Calcium Supplements And The Risk Of Dementia

Recent headlines suggested that calcium supplements might increase the risk of dementia. This link between calcium and dementia came from a study involving 700 women, aged 70 and over, who lived in Sweden. The women, who were initially free from dementia, had an initial neuropsychiatric examination and were then re-assessed five years later. Of these, only 98 (14%) were taking calcium supplements at the start of the study but, after 5 years, this number had dropped to 50 so the number of women on which the findings were based was small.

Even so, the women taking calcium supplements appeared to have twice the risk of developing vascular dementia, and over four times the risk of stroke-related dementia, than the women not taking calcium supplements. Sounds scary, but things are not as clear-cut as they seem.

Although volunteers had blood tests to measure their cholesterol balance and to check for the APOE gene (known to increase dementia risk) they did not have their vitamin D levels checked. And, even though use of calcium supplements was documented, and participants were asked to show their medication to the researchers, no-one thought to record the doses! The researchers did state that the average recommended daily dose of calcium supplements in Sweden is 1000mg.

Calcium supplements do NOT cause dementia

A number of factors make these findings less worrisome than newspaper headlines had us believe. Firstly, there was no association between taking calcium supplements and the development of dementia in women who did not have a previous history of stroke.

The association was only seen in women who had already experienced a stroke or who had CT evidence of white matter lesions, for whom taking calcium supplements appeared to increase the risk between six and seven-fold.

The frequency of bone fractures in women taking calcium supplements was also twice that of women not taking calcium supplements (40.8% versis 20.8%) suggesting that they had pre-existing factors associated with osteoporosis, such as vitamin D deficiency.

Of the 98 women taking calcium supplements initially, most also took vitamin D, although 14% did not. The authors confirmed via email that blood vitamin D levels were not measured to assess vitamin D status. This is important as, even in older people who take vitamin D supplements, it is often difficult to maintain adequate vitamin D levels. The link may not be with calcium, after all, but with vitamin D deficiency.

Previous studies have shown that as many as one in two people in Sweden are deficient in vitamin D during the winter months. I would suggest that Swedish women with a previous history of stroke (and those who develop dementia) are even more likely to be vitamin D deficient as a result of being house-bound.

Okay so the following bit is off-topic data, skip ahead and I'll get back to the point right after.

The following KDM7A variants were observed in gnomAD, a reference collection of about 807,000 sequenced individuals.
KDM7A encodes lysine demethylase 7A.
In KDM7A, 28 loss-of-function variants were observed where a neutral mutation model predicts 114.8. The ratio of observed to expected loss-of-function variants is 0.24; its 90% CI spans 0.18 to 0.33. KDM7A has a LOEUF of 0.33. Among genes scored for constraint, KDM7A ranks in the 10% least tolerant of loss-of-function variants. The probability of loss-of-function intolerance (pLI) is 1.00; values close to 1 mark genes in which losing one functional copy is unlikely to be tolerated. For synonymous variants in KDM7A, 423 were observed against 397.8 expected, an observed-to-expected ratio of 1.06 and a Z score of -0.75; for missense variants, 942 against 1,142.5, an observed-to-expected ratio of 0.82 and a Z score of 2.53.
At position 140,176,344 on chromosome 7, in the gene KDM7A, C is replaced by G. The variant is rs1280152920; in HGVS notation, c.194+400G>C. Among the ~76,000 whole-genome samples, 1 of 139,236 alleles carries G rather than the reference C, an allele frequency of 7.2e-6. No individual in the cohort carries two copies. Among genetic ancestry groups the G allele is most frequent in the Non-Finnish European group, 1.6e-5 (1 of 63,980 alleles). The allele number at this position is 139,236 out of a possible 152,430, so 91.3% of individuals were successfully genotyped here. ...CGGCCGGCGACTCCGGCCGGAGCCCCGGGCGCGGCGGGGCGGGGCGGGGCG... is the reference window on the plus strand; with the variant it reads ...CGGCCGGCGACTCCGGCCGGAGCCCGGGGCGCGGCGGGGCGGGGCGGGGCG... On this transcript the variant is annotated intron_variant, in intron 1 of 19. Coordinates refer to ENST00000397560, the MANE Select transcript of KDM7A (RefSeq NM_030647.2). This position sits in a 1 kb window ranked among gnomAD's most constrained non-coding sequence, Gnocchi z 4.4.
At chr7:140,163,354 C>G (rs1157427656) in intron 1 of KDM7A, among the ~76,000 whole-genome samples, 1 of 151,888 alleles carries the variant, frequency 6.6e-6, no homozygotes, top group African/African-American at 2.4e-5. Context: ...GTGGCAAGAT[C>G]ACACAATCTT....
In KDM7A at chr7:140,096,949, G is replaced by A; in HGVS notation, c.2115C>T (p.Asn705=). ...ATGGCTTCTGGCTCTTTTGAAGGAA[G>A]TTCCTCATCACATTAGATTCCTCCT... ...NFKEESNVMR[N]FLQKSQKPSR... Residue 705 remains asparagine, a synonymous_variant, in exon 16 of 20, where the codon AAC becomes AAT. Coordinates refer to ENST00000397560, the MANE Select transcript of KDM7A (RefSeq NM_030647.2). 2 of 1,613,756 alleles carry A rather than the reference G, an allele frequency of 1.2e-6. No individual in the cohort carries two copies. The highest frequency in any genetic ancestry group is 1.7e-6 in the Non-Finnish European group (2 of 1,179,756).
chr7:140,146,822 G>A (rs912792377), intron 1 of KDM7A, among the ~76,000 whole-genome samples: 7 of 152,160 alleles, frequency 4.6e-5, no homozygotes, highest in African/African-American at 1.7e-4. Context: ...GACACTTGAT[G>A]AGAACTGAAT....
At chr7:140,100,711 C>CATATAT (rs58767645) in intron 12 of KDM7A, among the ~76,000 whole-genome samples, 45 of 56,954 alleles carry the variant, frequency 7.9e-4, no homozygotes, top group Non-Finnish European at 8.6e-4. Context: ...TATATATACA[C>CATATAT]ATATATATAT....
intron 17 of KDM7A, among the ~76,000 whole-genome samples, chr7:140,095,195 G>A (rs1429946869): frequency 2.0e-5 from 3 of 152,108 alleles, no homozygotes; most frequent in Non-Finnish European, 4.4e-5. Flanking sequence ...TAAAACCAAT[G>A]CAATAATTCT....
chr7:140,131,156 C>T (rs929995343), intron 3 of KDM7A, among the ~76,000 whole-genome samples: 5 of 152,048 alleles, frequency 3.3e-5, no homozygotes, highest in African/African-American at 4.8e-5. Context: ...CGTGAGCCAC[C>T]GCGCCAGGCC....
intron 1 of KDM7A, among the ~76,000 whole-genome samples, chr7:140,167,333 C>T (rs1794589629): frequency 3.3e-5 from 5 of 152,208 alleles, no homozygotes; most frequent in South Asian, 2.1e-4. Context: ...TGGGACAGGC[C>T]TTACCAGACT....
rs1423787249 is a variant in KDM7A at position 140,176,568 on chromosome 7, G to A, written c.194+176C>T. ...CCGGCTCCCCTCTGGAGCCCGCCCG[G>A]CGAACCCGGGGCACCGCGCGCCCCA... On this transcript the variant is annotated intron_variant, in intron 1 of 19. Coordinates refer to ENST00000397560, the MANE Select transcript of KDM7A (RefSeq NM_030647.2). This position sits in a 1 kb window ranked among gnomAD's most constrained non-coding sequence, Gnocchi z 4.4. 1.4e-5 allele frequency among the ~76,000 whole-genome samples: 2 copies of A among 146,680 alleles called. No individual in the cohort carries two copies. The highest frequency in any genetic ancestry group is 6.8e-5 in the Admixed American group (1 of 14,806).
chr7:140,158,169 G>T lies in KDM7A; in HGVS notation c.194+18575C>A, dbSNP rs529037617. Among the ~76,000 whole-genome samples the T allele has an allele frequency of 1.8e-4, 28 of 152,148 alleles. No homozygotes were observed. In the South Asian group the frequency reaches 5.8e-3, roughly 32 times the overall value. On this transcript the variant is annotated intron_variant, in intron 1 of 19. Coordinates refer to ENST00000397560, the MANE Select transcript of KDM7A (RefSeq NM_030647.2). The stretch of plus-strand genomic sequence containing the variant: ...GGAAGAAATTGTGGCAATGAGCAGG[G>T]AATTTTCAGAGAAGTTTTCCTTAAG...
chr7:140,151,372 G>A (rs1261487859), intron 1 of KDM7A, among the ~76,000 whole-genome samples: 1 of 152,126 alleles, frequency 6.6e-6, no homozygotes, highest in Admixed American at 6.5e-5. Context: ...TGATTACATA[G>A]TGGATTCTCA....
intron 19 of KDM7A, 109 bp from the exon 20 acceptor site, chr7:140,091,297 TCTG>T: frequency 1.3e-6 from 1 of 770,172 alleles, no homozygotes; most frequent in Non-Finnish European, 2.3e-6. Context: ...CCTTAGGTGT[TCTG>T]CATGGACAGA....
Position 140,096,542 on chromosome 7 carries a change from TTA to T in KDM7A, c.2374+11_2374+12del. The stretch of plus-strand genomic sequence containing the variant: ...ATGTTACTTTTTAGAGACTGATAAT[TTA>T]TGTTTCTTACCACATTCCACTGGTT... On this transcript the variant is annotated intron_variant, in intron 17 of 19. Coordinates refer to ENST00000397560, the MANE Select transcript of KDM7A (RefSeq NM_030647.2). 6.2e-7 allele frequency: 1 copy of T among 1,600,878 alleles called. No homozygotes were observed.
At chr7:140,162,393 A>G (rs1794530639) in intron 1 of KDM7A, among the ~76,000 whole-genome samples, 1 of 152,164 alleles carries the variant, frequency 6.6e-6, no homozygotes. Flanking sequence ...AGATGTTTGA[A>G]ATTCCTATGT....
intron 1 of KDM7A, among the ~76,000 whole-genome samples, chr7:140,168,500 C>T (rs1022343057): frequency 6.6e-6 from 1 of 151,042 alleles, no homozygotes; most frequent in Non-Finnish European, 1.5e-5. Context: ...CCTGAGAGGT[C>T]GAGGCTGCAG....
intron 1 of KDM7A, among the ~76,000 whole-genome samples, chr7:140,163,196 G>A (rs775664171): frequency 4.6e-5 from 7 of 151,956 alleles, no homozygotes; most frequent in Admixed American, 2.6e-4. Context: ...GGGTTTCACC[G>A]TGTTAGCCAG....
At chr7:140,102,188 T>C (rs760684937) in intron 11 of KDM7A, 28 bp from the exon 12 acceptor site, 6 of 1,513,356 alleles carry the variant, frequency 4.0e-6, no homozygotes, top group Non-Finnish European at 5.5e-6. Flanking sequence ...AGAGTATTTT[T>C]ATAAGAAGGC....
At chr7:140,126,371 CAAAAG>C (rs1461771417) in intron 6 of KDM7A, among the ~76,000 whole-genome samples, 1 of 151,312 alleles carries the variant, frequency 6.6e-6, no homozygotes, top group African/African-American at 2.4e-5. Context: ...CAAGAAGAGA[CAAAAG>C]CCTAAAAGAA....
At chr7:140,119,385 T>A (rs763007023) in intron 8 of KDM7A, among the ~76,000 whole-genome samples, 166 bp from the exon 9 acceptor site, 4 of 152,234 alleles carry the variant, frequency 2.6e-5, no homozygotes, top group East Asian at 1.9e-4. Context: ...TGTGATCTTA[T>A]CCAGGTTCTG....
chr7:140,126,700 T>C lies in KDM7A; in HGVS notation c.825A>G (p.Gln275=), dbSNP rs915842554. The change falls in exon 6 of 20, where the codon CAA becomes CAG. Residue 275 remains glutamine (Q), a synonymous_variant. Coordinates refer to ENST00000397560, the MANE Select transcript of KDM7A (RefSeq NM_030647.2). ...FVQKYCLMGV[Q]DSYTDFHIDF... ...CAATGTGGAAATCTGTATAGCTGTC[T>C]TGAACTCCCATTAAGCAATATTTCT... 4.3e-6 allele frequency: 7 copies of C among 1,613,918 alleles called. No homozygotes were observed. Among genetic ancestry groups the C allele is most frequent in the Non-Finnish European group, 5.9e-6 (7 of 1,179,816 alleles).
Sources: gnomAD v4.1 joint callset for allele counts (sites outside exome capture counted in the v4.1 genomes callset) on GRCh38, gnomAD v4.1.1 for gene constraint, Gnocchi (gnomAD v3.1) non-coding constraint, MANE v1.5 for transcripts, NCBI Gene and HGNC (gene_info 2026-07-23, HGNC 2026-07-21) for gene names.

What’s more, these women who had experienced a stroke were probably also taking a statin, and statin drugs reduce the ability to synthesis vitamin D even further.

Prescribed vitamin D doses are often too low

People who are prescribed vitamin D alongside their calcium supplements to treat osteoporosis are usually given a standard dose that is not individually assessed by measuring vitamin D status.

It becomes increasingly difficult to maintain circulating vitamin D levels as you get older, and studies in the United States have shown that an intake of 100 mcg (4000 IU) is needed to maintain vitamin D levels in all older women (equivalent to the currently suggested EU Upper Safe Level). Despite this, the dose usually prescribed to prevent fractures in the ‘high risk elderly’ is just 800 units of vitamin D together with 1,200 milligrams of calcium.

If the correct dose is not individually determined via blood tests, it is difficult to maintain vitamin D status in older people. As a result, over 50% of women treated for bone loss continue to have inadequate vitamin D levels.

When vitamin D levels are low, more calcium remains in the circulation. Without vitamin D to direct its deposition in bone, calcium may promote hardening and furring up of the arteries and increase the risk of vascular (but not Alzheimer’s) dementia. It is not the calcium supplements per se that are the villain. The main problem is inadequate vitamin D support. Even so, in this Swedish study, the researchers found no association between taking calcium supplements and the development of dementia in women who did not have a previous history of stroke.

What about vitamin K?

Good intakes of vitamin K are also important when taking calcium supplements – especially the form known as vitamin K2. This is needed to regulate calcium deposition in the body, and to prevent calcification of arteries and other soft tissues.

What’s the take home message?

If you have previously had a stroke and your doctor prescribes calcium and vitamin D supplements to treat osteoporosis, ask to have your vitamin D levels checked regularly. Otherwise, you may be among those for whom the usually prescribed dose is too low. It’s also important to take a vitamin K2 supplement.

Image credit: julie_falk/flickr

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Dr Sarah Brewer
QUORA EXPERT - TOP WRITER 2018 Dr Sarah Brewer MSc (Nutr Med), MA (Cantab), MB, BChir, RNutr, MBANT, CNHC Cert IoD qualified from Cambridge University with degrees in Natural Sciences, Medicine and Surgery. After working in general practice, she gained a master's degree in nutritional medicine from the University of Surrey. Sarah is a registered Medical Doctor, a registered Nutritionist and a registered Nutritional Therapist. She is an award winning author of over 70 popular self-help books and a columnist for Prima magazine.

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